The email was sent by the "Trump Make America Great Again Committee," the joint fundraising vehicle of the Republican National Committee and Trump's campaign. In it, the campaign asked supporters to add their names to an "official petition" to the White House to end the diversity visa lottery.
"The deranged animal who terrorized New York City came into our country through the 'Diversity Visa Lottery' -- a politically correct government program that selects new immigrants at random with no other purpose than to fill quotas," the email started. "We can no longer sacrifice our sanity and our security at the altar of political correctness. ... Now (Trump) needs you to join the call to end this backwards program."
Once a supporter enters their name on the "Official Petition W.H. 4540" page, they are prompted to donate to the fund. Preemptively, the email further encourages supporters by noting the email may draw controversy.
"The fake news media is going to unleash a flurry of attacks against this petition," the email reads. "Which is why the President truly needs your support."
The White House declined to comment and the RNC did not immediately respond to a request for comment.
The Diversity Immigrant Visa Program awards up to 50,000 individuals per year with a visa that paves the way for a green card and eventually a path to citizenship. Visas are awarded by random selection in certain countries to promote immigration from places that don't otherwise send many immigrants to the US. Critics complain that the program brings people to compete for American jobs without matching their skills to needs in the US.
The 29-year-old Uzbek national suspected of committing Tuesday's terror attack, which killed eight people and injured a dozen more, first came to the US on a diversity visa in 2010.
Trump has linked that fact with a call to shut down the program -- and to restrict other forms of immigration to the US.
"The people put in that lottery are not that country's finest," Trump said before a White House meeting Thursday. "We know that the program presents significant vulnerabilities to our national security. It's a very unsafe program for our country and we're not going to allow it to happen."
While individuals are selected for visas randomly, they still are vetted for security and eligibility requirement.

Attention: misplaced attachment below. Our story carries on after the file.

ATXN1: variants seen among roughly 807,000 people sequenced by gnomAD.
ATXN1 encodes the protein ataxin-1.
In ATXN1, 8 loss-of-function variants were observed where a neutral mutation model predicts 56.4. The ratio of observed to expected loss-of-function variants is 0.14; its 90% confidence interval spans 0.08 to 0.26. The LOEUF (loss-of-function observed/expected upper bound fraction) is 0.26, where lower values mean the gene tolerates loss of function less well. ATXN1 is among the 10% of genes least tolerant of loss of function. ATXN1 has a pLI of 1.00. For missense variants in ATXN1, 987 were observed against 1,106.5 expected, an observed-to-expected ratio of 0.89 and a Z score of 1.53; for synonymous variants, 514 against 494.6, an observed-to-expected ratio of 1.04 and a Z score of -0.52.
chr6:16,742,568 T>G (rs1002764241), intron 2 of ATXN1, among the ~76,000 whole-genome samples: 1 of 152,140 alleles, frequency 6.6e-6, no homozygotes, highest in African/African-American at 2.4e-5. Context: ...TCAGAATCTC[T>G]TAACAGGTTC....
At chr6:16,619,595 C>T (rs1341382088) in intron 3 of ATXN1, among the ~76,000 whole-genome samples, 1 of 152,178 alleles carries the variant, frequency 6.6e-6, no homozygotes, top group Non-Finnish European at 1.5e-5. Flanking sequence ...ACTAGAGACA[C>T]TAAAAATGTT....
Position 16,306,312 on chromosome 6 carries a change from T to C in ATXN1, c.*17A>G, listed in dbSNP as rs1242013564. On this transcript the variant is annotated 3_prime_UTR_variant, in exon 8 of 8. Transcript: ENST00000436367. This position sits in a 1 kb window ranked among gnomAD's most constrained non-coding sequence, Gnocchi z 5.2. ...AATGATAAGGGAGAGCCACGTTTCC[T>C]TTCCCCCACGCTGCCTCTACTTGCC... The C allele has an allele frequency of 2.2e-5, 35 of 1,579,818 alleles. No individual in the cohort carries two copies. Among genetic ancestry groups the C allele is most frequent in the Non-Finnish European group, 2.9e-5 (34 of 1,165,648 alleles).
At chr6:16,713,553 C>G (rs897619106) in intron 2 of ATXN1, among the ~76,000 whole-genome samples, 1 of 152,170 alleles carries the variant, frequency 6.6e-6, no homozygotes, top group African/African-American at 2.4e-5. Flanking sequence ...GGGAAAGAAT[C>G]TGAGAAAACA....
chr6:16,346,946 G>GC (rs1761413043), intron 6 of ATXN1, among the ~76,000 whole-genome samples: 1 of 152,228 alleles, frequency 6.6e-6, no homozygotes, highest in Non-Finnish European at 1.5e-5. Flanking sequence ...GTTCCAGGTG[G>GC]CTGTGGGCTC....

Diversity recipients must also meet unique requirements attached to the visa: They must have at least a high school education or equivalent and must have had at least two years of experience working a job that requires at least two years of training or experience within five years of the date of the application. They must also be admissible to the US -- categories of inadmissibility to the US broadly include terrorism connections. The process includes an in-person interview.
Asked about the President's push to end the diversity lottery on Capitol Hill on Thursday, Florida Republican Sen. Marco Rubio noted that the 2013 bipartisan Senate immigration bill he helped write did just that, and Congress could be open to it. But he also rejected the notion that the issue should be linked to the terror attack.
"I think (the lottery) is an idea that really outlived its usefulness if it ever had any, but unrelated to what happened in New York," Rubio said. "I don't even know the circumstances by which that terrorist entered the United States, but it sounded like his radicalization came way after. We just didn't think we needed a diversity lottery (in 2013)."
Democrats have slammed the President as politicizing the attack.
"We must take swift and decisive action to bring the perpetrator of this heinous attack to justice. But the President is exploiting a national tragedy to further his anti-immigrant agenda and once again divide our nation," Congressional Hispanic Caucus Chairwoman Michelle Lujan Grisham said in a statement Wednesday. "It is shameful to wrongfully build suspicion around people who immigrated here legally and are contributing to our country."